Us is about class. The unnatural structure at the service and whims of a capitalist society, one in which divvies up people into upper, middle and lower statures. Hands Across America represents an idealized version of a solution, one where capitalist answers can solve capitalist problems. Josh sits on the couch as his wife asks him to check on the noise outside. His complacency leads to the entire family murdered within seconds. Turning a blind eye to injustice is supporting injustice. Even later as we will discover, Young Adelaide running into her Tethered in the hall of mirrors would have allowed both of them to escape. The world could have seen this atrocity. They could have shone a light on the horrors that developed an innocent group of people nobody claimed responsibility for. But Red had others plans. Why risk rebuke from a populace when she could become one of them? And so she took her chance. To her credit, Red lived her life and joined the working class above ground. There are hints this family is on the verge of upper class. Gabe is able to buy a small boat (still frowned upon), and a vacation home. These things are not commonplace for working class families. But Red (Now hiding in plain sight as Adelaide) was able to mask herself with issues rooted within our culture. Adelaide’s parents being unable to communicate, keeping a distance from their daughter as they are unable to deal with their own problems allowed Red to thrive without pause.

Us is about broken societal structures. The decrepit institutions the Tethered find themselves surrounded by do nothing to better their lives. They were designed to control mass populations. When their tethering access only works in response to the surface world, and not the other way around, the Tethered are abandoned. Left to live out an unfulfilling existence as husks, until Adelaide is dragged into the depths of their community. A savior and victim, yearning to break free and take others with her. There was no light at the end of the tunnel. So they found one in rage and collaboration.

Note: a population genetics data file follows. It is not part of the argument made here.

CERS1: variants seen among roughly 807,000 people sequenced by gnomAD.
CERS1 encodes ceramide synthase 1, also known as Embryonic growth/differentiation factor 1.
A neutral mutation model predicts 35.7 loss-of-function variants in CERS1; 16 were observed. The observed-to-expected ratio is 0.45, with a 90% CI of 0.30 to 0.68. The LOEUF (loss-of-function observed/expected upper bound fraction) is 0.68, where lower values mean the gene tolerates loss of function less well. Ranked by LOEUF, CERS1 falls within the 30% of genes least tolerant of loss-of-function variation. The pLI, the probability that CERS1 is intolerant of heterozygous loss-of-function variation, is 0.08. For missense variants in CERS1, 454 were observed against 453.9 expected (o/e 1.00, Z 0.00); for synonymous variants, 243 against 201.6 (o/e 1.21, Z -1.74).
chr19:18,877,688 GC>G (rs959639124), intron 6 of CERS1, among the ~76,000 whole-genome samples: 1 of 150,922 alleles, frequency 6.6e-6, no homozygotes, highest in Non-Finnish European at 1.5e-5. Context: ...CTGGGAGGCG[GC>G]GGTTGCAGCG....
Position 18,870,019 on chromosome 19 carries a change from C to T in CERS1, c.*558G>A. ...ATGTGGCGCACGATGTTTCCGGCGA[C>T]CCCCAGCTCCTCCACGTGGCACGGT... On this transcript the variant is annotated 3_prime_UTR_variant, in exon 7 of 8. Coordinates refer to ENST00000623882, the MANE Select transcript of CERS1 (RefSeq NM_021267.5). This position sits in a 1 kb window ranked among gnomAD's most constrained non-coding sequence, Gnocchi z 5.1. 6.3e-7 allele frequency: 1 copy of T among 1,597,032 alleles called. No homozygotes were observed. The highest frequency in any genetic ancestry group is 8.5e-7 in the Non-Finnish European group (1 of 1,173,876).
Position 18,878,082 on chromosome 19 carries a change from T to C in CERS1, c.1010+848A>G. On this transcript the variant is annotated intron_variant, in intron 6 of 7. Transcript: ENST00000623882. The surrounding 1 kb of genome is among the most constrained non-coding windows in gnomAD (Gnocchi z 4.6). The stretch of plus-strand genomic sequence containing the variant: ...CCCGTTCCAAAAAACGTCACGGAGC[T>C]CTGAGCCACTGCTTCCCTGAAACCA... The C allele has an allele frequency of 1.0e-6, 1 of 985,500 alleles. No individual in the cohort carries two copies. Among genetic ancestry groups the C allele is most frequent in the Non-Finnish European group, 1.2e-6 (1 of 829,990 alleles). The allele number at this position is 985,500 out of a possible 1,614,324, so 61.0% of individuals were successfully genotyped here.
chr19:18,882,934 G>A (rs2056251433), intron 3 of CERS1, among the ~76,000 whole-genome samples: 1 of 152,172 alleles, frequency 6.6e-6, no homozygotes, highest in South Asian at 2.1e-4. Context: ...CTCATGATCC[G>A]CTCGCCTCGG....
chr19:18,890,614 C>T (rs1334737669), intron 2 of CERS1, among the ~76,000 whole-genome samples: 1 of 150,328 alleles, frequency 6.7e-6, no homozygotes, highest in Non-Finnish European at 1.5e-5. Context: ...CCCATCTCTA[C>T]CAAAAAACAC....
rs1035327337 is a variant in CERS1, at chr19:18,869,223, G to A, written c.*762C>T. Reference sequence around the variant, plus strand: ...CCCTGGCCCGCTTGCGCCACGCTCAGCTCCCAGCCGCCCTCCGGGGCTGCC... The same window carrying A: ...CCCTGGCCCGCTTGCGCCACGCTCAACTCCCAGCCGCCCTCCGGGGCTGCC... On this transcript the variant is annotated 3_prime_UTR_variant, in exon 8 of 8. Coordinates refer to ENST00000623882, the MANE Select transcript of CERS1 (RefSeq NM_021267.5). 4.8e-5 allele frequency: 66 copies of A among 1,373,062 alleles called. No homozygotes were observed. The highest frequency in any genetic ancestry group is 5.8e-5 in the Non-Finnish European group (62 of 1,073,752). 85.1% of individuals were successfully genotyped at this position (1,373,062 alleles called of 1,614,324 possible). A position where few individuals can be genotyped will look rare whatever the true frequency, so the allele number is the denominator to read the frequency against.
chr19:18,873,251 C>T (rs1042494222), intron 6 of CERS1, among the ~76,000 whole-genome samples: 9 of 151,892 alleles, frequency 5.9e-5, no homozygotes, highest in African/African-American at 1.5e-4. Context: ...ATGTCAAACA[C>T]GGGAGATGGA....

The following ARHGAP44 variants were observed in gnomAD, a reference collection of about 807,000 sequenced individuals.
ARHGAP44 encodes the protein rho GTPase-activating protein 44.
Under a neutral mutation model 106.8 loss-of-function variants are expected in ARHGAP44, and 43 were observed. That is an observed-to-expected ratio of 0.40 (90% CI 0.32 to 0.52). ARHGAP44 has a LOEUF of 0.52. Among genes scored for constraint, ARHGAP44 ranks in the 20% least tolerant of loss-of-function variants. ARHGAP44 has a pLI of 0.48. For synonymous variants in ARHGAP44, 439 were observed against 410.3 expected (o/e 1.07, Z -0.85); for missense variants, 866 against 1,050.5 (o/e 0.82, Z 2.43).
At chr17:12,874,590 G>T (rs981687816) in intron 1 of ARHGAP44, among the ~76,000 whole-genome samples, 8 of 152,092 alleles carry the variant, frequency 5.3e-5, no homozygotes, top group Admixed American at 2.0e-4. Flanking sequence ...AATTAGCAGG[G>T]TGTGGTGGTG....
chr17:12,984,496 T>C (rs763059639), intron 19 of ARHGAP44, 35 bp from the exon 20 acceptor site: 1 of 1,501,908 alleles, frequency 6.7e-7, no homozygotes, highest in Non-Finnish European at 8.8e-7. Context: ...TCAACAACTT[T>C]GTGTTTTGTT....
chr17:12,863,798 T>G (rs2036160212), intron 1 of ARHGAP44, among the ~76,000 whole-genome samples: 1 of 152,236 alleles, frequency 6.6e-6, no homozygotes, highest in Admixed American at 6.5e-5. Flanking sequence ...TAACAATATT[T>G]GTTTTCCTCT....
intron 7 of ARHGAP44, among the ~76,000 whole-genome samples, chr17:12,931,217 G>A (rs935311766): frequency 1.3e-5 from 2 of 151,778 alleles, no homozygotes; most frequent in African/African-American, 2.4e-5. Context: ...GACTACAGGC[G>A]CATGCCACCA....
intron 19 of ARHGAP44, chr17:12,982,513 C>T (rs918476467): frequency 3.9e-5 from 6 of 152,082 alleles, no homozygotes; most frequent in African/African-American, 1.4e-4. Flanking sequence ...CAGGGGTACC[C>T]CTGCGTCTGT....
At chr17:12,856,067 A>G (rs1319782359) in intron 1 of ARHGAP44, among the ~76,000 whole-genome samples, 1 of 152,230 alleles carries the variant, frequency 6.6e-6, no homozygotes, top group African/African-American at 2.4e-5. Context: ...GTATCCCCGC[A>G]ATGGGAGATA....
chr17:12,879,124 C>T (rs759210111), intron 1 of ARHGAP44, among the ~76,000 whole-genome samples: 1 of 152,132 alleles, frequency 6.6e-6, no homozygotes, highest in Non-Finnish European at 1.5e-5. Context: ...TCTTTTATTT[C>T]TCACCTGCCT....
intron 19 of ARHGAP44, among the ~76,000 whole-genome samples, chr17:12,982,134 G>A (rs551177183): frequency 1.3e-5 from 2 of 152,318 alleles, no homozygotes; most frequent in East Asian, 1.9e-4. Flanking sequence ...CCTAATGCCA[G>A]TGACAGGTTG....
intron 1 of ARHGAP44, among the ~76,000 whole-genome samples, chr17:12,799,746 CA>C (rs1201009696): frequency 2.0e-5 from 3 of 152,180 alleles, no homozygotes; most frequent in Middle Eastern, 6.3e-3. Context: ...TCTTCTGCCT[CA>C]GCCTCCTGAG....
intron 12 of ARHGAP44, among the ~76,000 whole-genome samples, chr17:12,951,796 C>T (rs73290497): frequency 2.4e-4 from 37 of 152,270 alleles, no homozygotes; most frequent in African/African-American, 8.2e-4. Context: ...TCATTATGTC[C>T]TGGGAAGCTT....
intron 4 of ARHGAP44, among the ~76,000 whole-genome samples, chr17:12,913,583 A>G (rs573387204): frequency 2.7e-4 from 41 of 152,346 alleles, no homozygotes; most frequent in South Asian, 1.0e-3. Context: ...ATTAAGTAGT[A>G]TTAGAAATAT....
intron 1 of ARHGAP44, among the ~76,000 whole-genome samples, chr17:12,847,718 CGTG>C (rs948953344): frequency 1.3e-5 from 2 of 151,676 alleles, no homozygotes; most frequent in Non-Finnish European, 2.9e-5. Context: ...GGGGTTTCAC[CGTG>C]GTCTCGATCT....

US is about domestic terrorism. It remains a bubbling issue across our nation specifically as it pertains to radicalization, gun violence and the aforementioned structures we find ourselves surrounded by. Like Al-Qaeda, the Tethered were funded and created by the U.S. government. A group financed for the purpose of controlling a certain populace only to backfire and create our own worst enemy with the tactics and ideas we’ve taught them. They learn by watching us, and we abandoned them without ever truly assisting them. Because the people behind the tethered weren’t interested in helping anyone but themselves.

Us is about how media can inform our perception of the world. The opening image is of an old television set where a commercial for Hands Across America is shown. A young Adelaide is watching. She never saw how Hands Across America failed, as it never intended to combat poverty or the institutions that bred inequality. Of the $30 million+ that was raised, only approximately $15 million ever reached poverty support groups. In the film’s final scene, the hands of the Tethered are held across America, more successful at bringing awareness by leaving dead in their wake. And the people who created them? Most likely not among those victims. So the cycle continues, and the people directly responsible aren’t even seen. Only an off-hand remark by daughter Zora about the government putting fluoride in the water to control the populace.

We may not be directly responsible for atrocities, but by overlooking or turning a blind eye, we participate in some capacity to their unnatural persistence, ripple effects enveloping us in damnation. We’re condemned until we wake up and do something about it. We are not in the sunken place here. We’re in something far worse. We’re in America. Unless we wake up, these casual crimes and negligence will only lead us down a path from which we may never return. Things can change, let’s just hope it’s not too late to find our light at the end of the tunnel.

Us is about us, and that scares the shit out of me.